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BTL16: Buy-to-let brokers urged to use Q2 lull to tackle next wave of change

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  • 21/04/2016
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BTL16: Buy-to-let brokers urged to use Q2 lull to tackle next wave of change
As buy-to-let business volumes subside following the Stamp Duty rush, brokers are told to use the lull to warn landlords of the next wave of market intervention to hit their pockets.

Key note speaker at the The Buy To Let Market Forum, Ian Boden (pictured) from Aldermore, urged brokers to act now to protect clients from rising costs and tougher affordability tests.

The head of commercial mortgages and portfolio management said intermediaries should make it clear to landlords the current criteria climate looked set to change.

“If you’re talking to one your clients who is a buy-to-let landlord thinking about restructuring their portfolio, thinking about leveraging and borrowing more and considering additional property purchases, I suggest they act now rather than later,” he said.

Boden also broached the raft of regulation on the horizon, including the consultations on capital levels which should be held for buy to let and the Prudential Regulation Authority’s (PRA) proposals for a wider affordability assessment for portfolio landlords and a minimum stress test.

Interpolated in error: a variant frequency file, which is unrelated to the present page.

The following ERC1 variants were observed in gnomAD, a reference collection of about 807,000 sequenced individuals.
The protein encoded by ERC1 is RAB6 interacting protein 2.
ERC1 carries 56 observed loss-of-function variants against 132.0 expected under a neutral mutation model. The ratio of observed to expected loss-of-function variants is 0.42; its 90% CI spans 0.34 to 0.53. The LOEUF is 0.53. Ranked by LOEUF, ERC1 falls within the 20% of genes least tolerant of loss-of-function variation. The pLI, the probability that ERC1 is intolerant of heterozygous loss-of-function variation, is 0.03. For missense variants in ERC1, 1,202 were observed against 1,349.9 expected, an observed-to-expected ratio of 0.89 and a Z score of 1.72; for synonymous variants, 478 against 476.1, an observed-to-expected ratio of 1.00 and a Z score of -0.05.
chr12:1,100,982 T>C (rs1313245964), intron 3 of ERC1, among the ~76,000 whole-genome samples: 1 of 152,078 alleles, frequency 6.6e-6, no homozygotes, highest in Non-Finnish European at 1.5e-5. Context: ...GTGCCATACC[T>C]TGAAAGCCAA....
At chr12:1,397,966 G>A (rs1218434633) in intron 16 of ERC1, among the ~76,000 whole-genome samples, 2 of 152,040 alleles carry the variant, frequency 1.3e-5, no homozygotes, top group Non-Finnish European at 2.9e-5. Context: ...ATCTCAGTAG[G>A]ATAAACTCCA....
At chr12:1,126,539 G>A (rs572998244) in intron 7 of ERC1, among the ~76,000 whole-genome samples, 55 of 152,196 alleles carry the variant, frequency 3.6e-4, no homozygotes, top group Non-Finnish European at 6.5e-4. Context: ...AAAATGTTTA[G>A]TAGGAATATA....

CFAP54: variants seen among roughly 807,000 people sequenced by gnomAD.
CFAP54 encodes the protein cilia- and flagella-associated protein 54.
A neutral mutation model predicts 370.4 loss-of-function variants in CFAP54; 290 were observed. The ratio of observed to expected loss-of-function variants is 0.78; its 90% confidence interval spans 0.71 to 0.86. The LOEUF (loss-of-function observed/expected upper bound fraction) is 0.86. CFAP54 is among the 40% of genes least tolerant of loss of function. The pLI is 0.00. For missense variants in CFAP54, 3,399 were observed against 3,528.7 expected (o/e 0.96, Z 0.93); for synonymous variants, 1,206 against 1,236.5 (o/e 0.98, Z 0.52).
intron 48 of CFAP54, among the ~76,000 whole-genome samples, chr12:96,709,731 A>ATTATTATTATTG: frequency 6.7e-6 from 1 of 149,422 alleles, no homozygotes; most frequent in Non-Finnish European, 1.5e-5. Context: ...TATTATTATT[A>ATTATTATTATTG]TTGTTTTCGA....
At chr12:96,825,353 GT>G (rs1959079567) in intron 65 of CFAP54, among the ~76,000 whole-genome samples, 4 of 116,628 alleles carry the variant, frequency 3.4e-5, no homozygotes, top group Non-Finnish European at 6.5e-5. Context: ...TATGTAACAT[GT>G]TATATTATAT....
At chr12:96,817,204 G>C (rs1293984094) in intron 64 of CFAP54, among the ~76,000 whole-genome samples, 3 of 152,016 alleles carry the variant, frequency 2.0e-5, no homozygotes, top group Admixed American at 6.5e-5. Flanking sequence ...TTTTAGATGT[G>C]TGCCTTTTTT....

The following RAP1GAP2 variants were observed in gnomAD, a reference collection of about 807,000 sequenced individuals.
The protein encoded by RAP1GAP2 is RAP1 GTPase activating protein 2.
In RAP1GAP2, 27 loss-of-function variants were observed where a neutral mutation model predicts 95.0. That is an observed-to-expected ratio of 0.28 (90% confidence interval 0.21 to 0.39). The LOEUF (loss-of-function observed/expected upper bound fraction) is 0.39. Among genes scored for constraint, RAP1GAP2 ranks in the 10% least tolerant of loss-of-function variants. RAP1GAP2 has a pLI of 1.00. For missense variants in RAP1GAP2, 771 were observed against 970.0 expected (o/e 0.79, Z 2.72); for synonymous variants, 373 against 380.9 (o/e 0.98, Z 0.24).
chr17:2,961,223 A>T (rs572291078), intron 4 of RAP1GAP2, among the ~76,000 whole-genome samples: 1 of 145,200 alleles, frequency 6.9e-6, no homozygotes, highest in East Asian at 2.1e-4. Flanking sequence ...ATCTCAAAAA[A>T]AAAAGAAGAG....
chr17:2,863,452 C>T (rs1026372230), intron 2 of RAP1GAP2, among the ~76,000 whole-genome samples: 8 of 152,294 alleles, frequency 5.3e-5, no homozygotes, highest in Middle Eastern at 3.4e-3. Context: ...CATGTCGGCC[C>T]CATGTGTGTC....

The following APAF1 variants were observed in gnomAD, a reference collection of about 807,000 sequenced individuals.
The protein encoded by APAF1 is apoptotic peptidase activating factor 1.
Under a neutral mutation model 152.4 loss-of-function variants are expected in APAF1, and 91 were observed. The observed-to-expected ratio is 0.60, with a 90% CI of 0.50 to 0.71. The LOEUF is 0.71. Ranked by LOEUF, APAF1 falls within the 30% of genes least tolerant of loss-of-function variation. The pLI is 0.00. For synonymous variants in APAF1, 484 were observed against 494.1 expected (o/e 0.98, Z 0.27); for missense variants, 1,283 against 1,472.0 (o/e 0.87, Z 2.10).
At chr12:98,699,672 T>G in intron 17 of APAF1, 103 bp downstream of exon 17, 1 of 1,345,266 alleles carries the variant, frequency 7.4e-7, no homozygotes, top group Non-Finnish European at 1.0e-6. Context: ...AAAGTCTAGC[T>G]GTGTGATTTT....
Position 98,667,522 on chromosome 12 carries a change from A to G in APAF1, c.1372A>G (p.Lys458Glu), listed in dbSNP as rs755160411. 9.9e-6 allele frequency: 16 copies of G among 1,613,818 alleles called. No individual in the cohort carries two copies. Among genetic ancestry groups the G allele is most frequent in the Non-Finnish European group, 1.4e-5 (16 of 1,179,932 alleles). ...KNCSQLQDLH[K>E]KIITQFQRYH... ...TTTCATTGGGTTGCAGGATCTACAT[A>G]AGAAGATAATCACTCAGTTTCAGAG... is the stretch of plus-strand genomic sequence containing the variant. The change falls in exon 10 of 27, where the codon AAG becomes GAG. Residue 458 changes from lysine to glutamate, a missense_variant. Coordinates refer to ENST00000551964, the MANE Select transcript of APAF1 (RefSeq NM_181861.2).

“There is continued debate around the amount of capital a bank needs to maintain and support a buy-to-let book,” said Boden. “If that is increased then funding costs will rise which will have a knock on effect on the cost of the mortgage.”

The PRA is proposing to enforce a ‘specialised’ affordability assessment for landlords who own four properties or more which is expected to cover the total cost of managing a buy-to-let property.

Aside from the mortgage interest cost and the rent received; taxation costs, management fees and letting agent costs, general care and ongoing maintenance may also be taken into consideration. A stress of 2% of the interest rate or a minimum of 5.5%, whichever is the higher, has also been put forward by the regulator.

Boden added: “We know what the world is like now, but these policies could create some changes for us later on down the track.”

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